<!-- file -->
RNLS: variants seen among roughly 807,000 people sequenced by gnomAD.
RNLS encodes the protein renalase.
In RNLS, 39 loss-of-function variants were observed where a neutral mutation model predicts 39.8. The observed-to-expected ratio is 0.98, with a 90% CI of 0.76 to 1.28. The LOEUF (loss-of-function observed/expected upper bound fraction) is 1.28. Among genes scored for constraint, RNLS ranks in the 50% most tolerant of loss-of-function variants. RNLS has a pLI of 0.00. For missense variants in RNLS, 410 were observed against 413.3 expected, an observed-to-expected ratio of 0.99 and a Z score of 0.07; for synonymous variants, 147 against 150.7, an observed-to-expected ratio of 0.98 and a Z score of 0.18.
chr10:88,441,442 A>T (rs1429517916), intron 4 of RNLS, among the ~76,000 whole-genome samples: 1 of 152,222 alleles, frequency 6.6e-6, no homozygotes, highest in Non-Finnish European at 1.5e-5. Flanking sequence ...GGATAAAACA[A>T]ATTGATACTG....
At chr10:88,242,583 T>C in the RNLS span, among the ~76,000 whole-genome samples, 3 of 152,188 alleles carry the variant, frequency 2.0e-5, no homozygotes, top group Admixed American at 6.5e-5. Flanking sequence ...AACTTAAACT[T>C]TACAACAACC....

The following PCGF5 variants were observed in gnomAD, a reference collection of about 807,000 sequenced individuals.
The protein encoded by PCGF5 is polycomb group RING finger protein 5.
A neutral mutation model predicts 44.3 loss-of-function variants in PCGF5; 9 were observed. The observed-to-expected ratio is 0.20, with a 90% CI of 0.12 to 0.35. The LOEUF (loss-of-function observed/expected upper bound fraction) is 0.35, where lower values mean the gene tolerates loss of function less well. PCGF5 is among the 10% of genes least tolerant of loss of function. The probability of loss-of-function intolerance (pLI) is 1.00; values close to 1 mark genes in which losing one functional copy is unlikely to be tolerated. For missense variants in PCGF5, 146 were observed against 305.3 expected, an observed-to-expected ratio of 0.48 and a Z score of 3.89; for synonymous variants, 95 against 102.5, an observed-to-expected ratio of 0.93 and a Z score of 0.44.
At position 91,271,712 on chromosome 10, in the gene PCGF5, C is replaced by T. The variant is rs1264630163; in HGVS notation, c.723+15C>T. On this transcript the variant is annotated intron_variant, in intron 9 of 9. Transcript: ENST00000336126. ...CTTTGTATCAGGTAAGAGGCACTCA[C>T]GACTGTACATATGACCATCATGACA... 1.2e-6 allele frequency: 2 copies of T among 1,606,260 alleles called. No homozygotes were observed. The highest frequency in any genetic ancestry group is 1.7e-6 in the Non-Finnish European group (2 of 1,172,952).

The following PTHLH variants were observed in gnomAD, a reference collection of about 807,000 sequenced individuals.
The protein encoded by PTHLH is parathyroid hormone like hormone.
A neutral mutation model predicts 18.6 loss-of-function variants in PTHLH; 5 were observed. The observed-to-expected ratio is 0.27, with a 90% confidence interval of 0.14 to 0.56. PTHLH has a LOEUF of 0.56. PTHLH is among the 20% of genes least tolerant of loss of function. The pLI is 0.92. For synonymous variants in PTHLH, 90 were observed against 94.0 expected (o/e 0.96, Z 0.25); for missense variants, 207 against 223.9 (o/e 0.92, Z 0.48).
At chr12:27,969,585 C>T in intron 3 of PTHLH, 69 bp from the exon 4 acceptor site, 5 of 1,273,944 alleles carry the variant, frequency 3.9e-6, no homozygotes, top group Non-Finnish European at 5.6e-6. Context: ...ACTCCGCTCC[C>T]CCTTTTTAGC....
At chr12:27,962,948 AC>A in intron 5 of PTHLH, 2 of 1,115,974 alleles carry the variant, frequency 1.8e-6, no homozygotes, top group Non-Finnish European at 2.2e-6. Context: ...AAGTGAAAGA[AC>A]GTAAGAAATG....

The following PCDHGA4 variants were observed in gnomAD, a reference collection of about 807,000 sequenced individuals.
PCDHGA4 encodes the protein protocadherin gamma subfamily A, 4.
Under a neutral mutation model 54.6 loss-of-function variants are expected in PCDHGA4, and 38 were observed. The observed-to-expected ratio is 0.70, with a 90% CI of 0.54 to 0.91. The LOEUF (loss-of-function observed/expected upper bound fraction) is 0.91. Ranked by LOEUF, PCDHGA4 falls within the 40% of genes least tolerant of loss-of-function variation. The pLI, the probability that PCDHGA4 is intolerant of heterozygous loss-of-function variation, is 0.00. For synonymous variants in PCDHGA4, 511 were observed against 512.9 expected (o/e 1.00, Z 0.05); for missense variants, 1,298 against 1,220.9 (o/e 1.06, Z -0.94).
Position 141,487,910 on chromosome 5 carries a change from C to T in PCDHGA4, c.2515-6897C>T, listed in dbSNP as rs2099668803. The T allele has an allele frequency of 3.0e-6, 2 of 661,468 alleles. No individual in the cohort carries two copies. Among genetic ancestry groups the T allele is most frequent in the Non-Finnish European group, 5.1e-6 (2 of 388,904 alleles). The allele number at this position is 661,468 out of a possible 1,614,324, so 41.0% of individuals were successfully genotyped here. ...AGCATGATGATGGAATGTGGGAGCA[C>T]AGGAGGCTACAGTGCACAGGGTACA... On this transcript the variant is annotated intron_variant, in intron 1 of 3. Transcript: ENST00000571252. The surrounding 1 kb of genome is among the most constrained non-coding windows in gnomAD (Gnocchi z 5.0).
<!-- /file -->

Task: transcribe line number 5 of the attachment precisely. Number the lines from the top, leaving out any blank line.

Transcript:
At chr10:88,242,583 T>C in the RNLS span, among the ~76,000 whole-genome samples, 3 of 152,188 alleles carry the variant, frequency 2.0e-5, no homozygotes, top group Admixed American at 6.5e-5. Flanking sequence ...AACTTAAACT[T>C]TACAACAACC....